Coppell man Dinesh Sah has been indicted on charges of wire fraud, bank fraud and money laundering in light of allegations that he spent over $17 million in Paycheck Protection Program loans on personal expenses including multiple homes and luxury cars.
A Friday press release from the U.S. Department of Justice announced that Sah had been charged with filing fraudulent loan applications and that a federal grand jury had indicted him with three counts of wire fraud, three counts of bank fraud and one count of money laundering.
According to the DOJ statement, Sah allegedly submitted 15 fraudulent applications to approved lenders for PPP loans. Allegedly, Sah submitted applications through multiple "purported" businesses, multiple of which had been registered as Texas companies in the spring, according to the indictment, provided by the DOJ.
The indictment alleges that one of the businesses, “Relief Without Borders LLC” was registered as a corporation in mid-May.
“The registered business address for Relief Without Borders LLC was Sah’s residence in Coppell, Texas,” the indictment states. “Sah was listed as the company’s registered agent and managing member.”
Sah’s applications allegedly included claims that the businesses had many employees and hundreds of thousands of dollars of payroll expenses, according to the DOJ report.
“Sah also submitted fraudulent documentation in support of his applications, including falsified federal tax filings and forged bank statements for the purported businesses,” the report states.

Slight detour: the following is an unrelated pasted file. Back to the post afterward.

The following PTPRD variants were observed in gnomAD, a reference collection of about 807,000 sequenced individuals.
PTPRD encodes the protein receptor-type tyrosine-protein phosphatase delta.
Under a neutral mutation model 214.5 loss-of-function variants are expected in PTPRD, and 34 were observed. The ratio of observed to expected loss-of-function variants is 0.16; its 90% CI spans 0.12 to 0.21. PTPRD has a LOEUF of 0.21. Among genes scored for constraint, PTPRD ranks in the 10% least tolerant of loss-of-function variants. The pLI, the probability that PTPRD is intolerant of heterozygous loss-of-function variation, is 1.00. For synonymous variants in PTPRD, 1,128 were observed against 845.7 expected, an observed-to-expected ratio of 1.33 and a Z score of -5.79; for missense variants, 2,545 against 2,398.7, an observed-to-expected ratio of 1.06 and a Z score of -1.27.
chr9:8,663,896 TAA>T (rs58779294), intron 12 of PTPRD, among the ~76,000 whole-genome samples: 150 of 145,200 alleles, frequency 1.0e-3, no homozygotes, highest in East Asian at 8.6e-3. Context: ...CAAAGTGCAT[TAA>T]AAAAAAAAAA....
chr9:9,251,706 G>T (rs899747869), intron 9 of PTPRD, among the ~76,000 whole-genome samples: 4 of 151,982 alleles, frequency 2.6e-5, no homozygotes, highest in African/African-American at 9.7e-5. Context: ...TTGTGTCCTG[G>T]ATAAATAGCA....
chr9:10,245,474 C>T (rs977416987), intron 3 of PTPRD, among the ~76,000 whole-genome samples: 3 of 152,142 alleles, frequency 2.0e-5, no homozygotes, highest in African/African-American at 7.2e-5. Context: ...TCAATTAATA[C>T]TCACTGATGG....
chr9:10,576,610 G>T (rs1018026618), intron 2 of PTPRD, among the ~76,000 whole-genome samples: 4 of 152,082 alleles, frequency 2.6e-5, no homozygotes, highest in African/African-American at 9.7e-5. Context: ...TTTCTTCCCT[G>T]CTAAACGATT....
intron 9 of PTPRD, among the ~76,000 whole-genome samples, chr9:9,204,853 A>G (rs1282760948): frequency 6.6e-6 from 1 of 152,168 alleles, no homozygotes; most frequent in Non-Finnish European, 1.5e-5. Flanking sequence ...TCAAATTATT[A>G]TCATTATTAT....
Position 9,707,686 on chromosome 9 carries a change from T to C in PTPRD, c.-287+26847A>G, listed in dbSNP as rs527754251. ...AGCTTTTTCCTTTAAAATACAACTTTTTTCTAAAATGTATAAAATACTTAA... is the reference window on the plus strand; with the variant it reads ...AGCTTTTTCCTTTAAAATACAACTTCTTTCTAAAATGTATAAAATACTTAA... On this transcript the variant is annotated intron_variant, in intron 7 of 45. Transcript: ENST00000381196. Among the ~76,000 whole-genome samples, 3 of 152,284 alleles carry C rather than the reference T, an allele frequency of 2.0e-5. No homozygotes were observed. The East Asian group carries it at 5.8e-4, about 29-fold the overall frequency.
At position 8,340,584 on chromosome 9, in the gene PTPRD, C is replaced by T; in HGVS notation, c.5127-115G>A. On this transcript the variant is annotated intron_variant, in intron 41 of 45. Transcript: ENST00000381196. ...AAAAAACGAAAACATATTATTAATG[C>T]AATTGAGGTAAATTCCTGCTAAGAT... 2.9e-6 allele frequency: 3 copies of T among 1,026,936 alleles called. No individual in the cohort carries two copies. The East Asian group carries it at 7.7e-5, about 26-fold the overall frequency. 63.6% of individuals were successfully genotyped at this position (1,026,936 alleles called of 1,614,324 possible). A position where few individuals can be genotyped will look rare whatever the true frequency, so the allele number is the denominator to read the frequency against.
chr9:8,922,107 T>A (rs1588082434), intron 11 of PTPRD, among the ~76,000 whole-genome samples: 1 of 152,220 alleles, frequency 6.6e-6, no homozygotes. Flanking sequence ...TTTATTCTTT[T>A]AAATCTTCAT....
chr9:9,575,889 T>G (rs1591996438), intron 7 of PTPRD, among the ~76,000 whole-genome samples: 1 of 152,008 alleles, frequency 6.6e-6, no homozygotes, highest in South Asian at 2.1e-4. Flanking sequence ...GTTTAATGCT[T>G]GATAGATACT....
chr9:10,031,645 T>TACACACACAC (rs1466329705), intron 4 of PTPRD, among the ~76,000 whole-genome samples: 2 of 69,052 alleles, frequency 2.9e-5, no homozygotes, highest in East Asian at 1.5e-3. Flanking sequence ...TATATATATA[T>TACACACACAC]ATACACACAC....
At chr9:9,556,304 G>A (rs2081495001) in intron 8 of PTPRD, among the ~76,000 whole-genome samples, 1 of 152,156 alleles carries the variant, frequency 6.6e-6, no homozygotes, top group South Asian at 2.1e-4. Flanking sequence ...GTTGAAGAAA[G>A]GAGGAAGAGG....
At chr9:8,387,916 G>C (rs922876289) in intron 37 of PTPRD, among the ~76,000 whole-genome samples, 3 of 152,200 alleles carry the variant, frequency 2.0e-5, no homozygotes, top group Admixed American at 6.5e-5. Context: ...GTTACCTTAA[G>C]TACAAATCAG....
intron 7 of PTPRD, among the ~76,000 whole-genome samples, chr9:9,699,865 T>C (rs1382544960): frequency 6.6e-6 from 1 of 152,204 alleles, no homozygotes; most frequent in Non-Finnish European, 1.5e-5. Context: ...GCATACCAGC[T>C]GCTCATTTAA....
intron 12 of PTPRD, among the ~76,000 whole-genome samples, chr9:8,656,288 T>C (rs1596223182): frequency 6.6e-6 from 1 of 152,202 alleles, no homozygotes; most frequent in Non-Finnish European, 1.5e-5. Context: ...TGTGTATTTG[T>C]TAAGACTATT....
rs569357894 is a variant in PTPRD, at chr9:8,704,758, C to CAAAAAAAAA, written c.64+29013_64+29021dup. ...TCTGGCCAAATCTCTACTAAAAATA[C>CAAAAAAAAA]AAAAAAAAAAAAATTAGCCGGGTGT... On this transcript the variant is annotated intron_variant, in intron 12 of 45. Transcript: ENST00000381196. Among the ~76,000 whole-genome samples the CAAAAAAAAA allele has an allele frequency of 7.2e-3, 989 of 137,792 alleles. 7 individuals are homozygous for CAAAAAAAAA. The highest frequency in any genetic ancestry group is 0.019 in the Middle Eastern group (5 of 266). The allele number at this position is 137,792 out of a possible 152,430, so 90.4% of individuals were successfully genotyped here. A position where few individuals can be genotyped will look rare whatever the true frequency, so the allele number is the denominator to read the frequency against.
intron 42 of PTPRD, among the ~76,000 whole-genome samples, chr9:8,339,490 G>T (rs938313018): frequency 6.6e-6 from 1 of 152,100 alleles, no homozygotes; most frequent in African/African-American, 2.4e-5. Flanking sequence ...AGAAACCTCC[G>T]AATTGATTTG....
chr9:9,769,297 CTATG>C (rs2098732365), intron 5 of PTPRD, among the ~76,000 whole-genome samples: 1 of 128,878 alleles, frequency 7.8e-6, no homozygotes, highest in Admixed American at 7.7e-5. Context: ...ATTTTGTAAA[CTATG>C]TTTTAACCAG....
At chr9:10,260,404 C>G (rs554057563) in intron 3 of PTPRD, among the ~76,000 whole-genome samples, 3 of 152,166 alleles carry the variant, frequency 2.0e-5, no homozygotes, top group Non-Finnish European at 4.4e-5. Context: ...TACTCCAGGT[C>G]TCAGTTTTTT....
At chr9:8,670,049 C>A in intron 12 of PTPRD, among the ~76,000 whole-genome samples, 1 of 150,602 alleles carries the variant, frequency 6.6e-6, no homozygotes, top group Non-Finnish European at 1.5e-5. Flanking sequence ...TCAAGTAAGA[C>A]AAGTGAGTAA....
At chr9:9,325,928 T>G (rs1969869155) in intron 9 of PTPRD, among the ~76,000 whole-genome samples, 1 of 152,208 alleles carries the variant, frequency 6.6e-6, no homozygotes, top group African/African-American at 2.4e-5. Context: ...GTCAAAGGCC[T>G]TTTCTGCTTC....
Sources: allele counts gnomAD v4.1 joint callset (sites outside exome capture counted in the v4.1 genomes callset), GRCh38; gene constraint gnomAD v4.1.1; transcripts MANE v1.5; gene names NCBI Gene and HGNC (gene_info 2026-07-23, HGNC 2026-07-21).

The indictment also lists property subject to forfeiture in connection with the alleged violations. Included in the list are five vehicles, including a 2020 Bentley Continental-Convertible and a 2020 Cadillac, as well as multiple Coppell homes.
Sah received about $17.7 million in PPP loans and is alleged to have used the money to pay for personal expenses like multiple homes and luxury cars, according to the report. Sah also allegedly transferred millions of dollars internationally, the report states.
“Today’s indictment shows Mr. Sah’s disgraceful display of greed,” stated Tamera Cantu, special agent for the Internal Revenue Service Criminal Investigations Dallas Field Office. “Mr. Sah looked at the Paycheck Protection Program as his own personal piggy bank, treating himself to not only millions in cash, but several luxury vehicles and properties, all while legitimate small business owners in the United States desperately sought out ways to put food on their tables and to ensure their employees were paid “This indictment reinforces that IRS Criminal Investigation, the U.S. Attorney’s Office and our federal partners in the Northern District of Texas are dedicated to working together to protect innocent Americans from these CARES Act fraudsters.”